Hidradenitis suppurativa (HS) is recurrent inflammation of the apocrine sweat glands, particularly those of the axilla, genital, and perianal areas. It can result in obstruction and rupture of the duct and secondary infection. The lesions generally drain spontaneously, with formation of multiple sinus tracts and with hypertrophic scarring. Although not initially infected, the lesions frequently become secondarily infected.

Hidradenitis suppurativa

Microbiology & Pathogenesis

         The infection is generally polymicrobial due mainly to aerobic and anaerobic bacteria of skin and proximal mucous membranes origin. Anaerobic bacteria alone or in combination with aerobic organisms were isolated from about two-thirds of patients. The predominant aerobic bacteria are S. aureus ( isolated from about a third of cases), GABHS, micro-aerophilic streptococci, and Pseudomonas aeruginosa. The most frequently isolated anaerobes are Peptostreptococcus, Prevotella, Fusobacterium and Bacteroides spp. 11

The anaerobes isolated from the patients are part of the flora of the oropharynx (Prevotella spp., Fusobacterium spp., Peptostreptococcus spp. and microaerophilic streptococci), gastrointestinal tract (Bacteroides spp., Peptostreptococcus spp.)11 and skin (Peptostreptococcus spp.) and presumably reached the HS lesions from these sites.


The primary lesions are reddish-purple nodules that gradually become fluctuant and drain. Irregular sinus tracts with repeated crops of lesions are formed; reparative processes are only partially successful. The involved areas show a mixture of burrowing, draining tracts, and ciccatricial scarring. In some, HI is associated with acne conglobata or dissecting cellulitis of the scalp, that is often associated with spondyloarthropathy.


Management is difficult and involves antimicrobial therapy, and moist heat locally to establish drainage in the initial phases of the infection. Large abscesses are surgically drained.
Gram's stain results may guide the clinician in selecting empiric antimicrobial therapy. However, the final choice of agents should be determined by the isolation of specific organisms, aerobes and anaerobes, and the results of sensitivity testing.

Initial empiric antimicrobial therapy should be effective against S. aureus as well as other potential aerobic and anaerobic pathogens. Antimicrobial agents active against S. aureus and anaerobic bacteria include clindamycin, a carbapenem, cefoxitin, and beta-lactamase inhibitor and penicillin combinations, and metronidazole with beta-lactamase-resistant penicillin. Cefoxitin and carbapenems also provide coverage against Enterobacteriaceae. However, agents active against Enterobacteriaceae (i.e., aminoglycosides, a quinolone, a fourth-generation cephalosporins) should be added when treating infections involving these bacteria.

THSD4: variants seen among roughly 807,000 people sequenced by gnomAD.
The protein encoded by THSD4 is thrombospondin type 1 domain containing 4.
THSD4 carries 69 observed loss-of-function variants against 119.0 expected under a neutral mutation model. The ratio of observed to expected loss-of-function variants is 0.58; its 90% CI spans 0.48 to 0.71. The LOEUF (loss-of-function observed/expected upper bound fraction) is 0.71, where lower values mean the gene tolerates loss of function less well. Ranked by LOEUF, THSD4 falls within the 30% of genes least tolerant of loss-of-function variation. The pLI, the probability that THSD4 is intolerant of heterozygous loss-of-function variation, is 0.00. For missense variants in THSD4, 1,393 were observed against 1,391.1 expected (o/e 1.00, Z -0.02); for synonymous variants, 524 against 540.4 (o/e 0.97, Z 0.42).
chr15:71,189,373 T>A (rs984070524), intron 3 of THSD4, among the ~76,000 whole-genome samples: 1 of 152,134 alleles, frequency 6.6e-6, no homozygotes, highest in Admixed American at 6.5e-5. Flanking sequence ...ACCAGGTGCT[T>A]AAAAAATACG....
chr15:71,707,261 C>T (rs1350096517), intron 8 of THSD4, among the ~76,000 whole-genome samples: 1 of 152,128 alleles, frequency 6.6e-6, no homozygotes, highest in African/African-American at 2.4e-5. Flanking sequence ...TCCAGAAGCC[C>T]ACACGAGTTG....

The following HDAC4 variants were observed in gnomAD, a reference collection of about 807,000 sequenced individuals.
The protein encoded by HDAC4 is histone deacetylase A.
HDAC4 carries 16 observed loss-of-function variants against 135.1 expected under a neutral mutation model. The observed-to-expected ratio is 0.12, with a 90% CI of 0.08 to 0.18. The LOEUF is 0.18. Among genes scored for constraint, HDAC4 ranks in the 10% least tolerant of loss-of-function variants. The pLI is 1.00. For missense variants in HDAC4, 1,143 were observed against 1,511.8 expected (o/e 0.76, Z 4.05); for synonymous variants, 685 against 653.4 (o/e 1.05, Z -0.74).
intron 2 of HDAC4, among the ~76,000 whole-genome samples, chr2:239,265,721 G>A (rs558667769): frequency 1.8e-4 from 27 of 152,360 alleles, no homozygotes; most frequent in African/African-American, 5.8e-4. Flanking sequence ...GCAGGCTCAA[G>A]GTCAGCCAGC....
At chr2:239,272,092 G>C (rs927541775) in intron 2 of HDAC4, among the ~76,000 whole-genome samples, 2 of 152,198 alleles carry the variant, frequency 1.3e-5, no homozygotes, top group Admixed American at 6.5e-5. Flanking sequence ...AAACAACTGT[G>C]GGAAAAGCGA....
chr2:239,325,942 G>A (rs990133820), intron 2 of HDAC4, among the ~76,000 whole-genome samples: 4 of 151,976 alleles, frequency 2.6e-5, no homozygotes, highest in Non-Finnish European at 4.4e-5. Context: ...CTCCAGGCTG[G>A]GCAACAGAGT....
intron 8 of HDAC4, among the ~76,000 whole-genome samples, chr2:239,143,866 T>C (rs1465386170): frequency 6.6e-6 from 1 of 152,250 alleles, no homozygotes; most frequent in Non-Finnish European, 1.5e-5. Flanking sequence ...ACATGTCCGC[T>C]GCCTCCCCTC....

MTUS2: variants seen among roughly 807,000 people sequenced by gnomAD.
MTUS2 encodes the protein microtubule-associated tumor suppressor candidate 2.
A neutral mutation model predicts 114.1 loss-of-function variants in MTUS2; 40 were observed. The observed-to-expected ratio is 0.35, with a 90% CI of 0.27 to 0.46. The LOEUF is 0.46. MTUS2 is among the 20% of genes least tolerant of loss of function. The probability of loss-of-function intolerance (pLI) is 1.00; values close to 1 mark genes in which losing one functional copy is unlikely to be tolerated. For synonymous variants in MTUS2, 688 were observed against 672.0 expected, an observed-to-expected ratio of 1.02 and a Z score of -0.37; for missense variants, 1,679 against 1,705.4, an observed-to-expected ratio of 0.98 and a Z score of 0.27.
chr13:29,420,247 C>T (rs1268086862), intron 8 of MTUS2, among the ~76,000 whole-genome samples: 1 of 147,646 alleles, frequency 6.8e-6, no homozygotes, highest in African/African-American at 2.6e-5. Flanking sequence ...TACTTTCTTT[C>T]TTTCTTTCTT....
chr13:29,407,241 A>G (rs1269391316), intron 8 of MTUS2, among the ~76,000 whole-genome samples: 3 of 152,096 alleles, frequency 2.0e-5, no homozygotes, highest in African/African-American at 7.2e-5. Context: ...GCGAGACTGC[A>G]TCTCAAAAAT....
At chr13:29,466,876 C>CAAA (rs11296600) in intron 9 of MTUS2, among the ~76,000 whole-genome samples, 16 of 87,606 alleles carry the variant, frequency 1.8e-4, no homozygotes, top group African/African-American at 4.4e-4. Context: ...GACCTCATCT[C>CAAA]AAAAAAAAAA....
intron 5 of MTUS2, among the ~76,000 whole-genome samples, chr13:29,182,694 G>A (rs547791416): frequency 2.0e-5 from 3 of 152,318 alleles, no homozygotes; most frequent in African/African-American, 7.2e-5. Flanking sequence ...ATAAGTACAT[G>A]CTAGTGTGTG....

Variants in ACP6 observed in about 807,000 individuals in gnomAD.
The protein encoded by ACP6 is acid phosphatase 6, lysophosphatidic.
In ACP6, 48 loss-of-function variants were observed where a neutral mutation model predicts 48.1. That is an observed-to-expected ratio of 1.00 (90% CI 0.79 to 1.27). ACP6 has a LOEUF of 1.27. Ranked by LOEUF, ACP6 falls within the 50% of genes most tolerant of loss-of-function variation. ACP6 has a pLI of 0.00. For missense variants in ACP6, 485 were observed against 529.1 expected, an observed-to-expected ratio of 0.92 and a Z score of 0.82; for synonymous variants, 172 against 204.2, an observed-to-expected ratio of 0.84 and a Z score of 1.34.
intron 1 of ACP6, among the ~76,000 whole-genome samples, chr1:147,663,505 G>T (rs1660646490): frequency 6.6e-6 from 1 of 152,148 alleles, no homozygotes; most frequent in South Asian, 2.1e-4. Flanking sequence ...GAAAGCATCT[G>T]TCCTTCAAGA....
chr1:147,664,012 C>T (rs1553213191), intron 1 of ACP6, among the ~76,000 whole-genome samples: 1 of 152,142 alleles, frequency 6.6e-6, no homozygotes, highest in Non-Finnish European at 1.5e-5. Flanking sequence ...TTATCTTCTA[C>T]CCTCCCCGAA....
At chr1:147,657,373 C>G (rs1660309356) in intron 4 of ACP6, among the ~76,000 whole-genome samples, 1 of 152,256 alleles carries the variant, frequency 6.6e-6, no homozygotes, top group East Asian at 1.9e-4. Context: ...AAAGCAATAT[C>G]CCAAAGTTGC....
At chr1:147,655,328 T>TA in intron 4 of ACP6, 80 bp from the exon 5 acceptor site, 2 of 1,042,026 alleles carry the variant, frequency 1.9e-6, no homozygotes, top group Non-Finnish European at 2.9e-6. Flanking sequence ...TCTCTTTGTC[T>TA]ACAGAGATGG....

Acne vulgaris, a disorder of the pilosebaceous apparatus, is the most common skin disorder of the second and third decades of life.

Postular acne

Microbiology & Pathogenesis

Bacterial factors are important in the pathogenesis of acne. Acne is believed to be caused by Propionibacterium acnes.12 The improvement in acne patients treated with systemic antibiotics effective against P. acnes, as well as other organisms, support this concept.
The morphogenesis of acne lesions can be divided into two phases. The first phase is non-inflammatory, during which keratin accumulates in affected follicles producing whiteheads (closed comedones), which have very small orifices, and blackheads (open comedones) which have distended orifices. The second is an inflammatory phase during which a variety of inflamed lesions may develop from a proportion of comedones.

P. acnes is known to be associated with the inflammatory process in acne lesions,12 Propionibacterium spp. possess immunostimulatory mechanisms such as complement activation , stimulation of lysosomal enzyme release from human neutrophils, and production of serum-independent neutrophil chemotactic factors.

Organisms other than P. acne may contribute to the inflammatory process. These include Peptostreptococci and anaerobic Gram-negative bacilli such as Porphyromonas and Prevotella spp.13


Antimicrobial therapy is a common adjuvant in the management of acne vulgaris. Topical or systemic antimicrobial agents effective against anaerobic bacteria including P. acne (i.e. clindamycin, macrolides and tetracylines) are benefital The empirical choice of antimicrobials may not always provide coverage for some of the resistant organisms that can be recovered from pustular acne lesions. Processing pustular specimens for aerobic and anaerobic bacteria can provide guidelines for adequate management of infected acne lesions.


1.   Finch, R.: Skin: and soft-tissue infections. Lancet. 1(8578):164–8, 1988.
1a. Brook I; The role of anaerobic bacteria in skin and soft tissue abscesses and infected cysts. Anaerobes 3:171-7, 2007.